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Taxi Transfer Costs:
Geographically the resort is located around 95km north east of the capital Palma, and the Son Sant Joan International Airport, and is just about as far north on the island that you can travel, that is without plunging into the sea.
Making the journey into the resort would normally take around 1 hour 30 minutes by car, and for those with a strong sense of adventure, at least 3 hours 30 minutes by public transport.
This journey is certainly not for the faint hearted and would necessitate first catching the shuttle bus from the airport into the centre of Palma.
This runs every 10 - 15 minutes during the day depending upon the volume of traffic in Palma.
From Palma you’ll then need to catch the train to Manacor, which will take approximately 1hour, followed by the L431 bus from Manacor to Capdepera.
Once in Capdepera, it's then a short 10 minute taxi ride into Cala Mesquida.
A more practical option to public transport would be to pre-arrange the collection of a hire car from any of the numerous rental agencies based in the arrivals hall of the Son Sant Joan Airport.
This option would most suit a couple, or a family of five as most taxis are only licenced to carry a maximum of four passengers at a time.
This would also give you the freedom to travel around the beautiful island of Mallorca.
If you do decide to rent a car, or travel by taxi, there are three routes that are available, all taking approximately 1 hour and 30 minutes. The first route takes you along the Ma-15 taking you through Manacor, Son Servera and Capdepera. The second route is longer in distance, but it is a faster road. This route takes you along the Ma-13 up to Inca and then across to Petra, Arta and then finally into Cala Mesquida. The third option that you may consider is the road along the Ma-3 to Inca, across to Santa Margalida and then arriving at Cala Mesquida.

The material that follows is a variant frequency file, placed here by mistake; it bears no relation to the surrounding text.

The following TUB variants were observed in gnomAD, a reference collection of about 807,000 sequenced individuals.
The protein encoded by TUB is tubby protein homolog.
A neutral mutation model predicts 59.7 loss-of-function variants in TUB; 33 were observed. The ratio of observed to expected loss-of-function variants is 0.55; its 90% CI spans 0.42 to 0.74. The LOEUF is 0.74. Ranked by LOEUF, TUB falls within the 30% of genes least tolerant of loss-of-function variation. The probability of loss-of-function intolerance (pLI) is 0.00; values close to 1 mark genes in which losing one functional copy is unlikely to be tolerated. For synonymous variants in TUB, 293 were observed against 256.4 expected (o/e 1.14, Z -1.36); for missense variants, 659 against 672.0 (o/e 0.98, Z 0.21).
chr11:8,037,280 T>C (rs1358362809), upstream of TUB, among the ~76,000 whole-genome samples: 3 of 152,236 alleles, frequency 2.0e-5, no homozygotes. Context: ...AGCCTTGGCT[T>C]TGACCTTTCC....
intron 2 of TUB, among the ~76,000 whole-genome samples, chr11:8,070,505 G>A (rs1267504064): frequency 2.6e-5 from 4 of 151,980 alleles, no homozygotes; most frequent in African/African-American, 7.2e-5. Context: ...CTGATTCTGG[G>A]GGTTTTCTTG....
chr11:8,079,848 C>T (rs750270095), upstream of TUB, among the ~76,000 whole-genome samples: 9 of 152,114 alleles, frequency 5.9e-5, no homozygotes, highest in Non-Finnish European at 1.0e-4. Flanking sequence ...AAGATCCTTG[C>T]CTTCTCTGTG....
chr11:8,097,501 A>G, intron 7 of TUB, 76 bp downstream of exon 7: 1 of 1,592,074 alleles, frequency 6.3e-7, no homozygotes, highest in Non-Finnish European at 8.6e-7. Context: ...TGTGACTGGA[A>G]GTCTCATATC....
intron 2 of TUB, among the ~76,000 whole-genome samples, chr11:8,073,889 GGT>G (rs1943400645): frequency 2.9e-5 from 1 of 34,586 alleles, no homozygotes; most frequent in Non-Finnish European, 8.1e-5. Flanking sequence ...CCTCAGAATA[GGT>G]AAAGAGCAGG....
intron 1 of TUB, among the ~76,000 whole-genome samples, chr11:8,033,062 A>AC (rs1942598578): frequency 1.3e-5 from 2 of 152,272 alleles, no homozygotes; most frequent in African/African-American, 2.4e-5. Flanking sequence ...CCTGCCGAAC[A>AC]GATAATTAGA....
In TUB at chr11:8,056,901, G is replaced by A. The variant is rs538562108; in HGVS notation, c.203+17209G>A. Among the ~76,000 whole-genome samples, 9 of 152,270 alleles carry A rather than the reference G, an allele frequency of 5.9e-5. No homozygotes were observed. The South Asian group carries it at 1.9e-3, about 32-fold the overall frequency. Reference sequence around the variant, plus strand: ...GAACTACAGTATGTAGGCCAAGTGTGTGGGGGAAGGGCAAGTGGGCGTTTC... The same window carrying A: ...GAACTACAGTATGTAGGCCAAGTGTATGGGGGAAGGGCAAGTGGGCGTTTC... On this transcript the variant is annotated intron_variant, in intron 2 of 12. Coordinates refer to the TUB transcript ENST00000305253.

A more detailed version of the preferred Ma-15 Manacor route, complete with links to maps where appropriate, is available from the Route Map link on the left hand frame of this page.
With its white sands and turquoise colour sea, the purpose built resort of Cala Mesquida is now a small and tranquil escape from the rush of the 21st Century, and enjoys a natural setting surrounded by steep, pine clad hills, forests and olive groves. However, long before the arrival of the first tourist on Mallorca this part of the island was once a famed stronghold for smuggling.
When visiting the beach, you’ll have the advantages of the usual facilities, these include a small bar/restaurant, sun beds with parasol and car parking. Mallorca beaches are extremely busy during the weekend, especially on Sundays, this is no exception with Cala Mesquida’s beach.
If you are travelling by car, it would be advised to arrive during the morning as the car park can get full quickly. If you decide to travel by public transport you will have no concerns, except for the duration of the journey.
Many of the popular beaches along the south coast of the island are naturally protected from the prevailing sea winds. As you will quickly discover, this part of the north coast can be quite windy.
At times winds here can be fierce and the sea is known for its tremendous waves, making Cala Mesquida a Mecca for lovers of windsurfing and other extreme water sports such as kite surfing. When the sea is rough, a series of warning flags will normally fly, along with signs located at the entrance of the beach gving warnings of other potential hazards to swimmers such as jellyfish etc.
A few shops, bars and restaurants flank the beach, and it is only the tourist development on the hilltop that slightly detracts from the stunning bay.
A well known landmark at Cala Mesquida is the "Talaia de Son Jaumell", which is an old watchtower, from which one can reach Cala Agulla, another sizeable sandy beach along a short nature trail. Also a short stroll away is Cap des Freu, worth visiting because it is where the Balearic islands’ largest colony of seagulls and cormorants reside.
The nearest large tourist resort to Cala Mesquida is Cala Ratjada, some 5km away to the south east. Cala Ratjada is a great location to go snorkelling, and if you are lucky enough, you may even have the opportunity swim with stingrays.
There are a number of shopping facilities here, mostly clothing shops that sell your usual range of products. If you are interested in sports, there are various other sports facilities to be found in Cala Ratjada, including golf and snorkelling.
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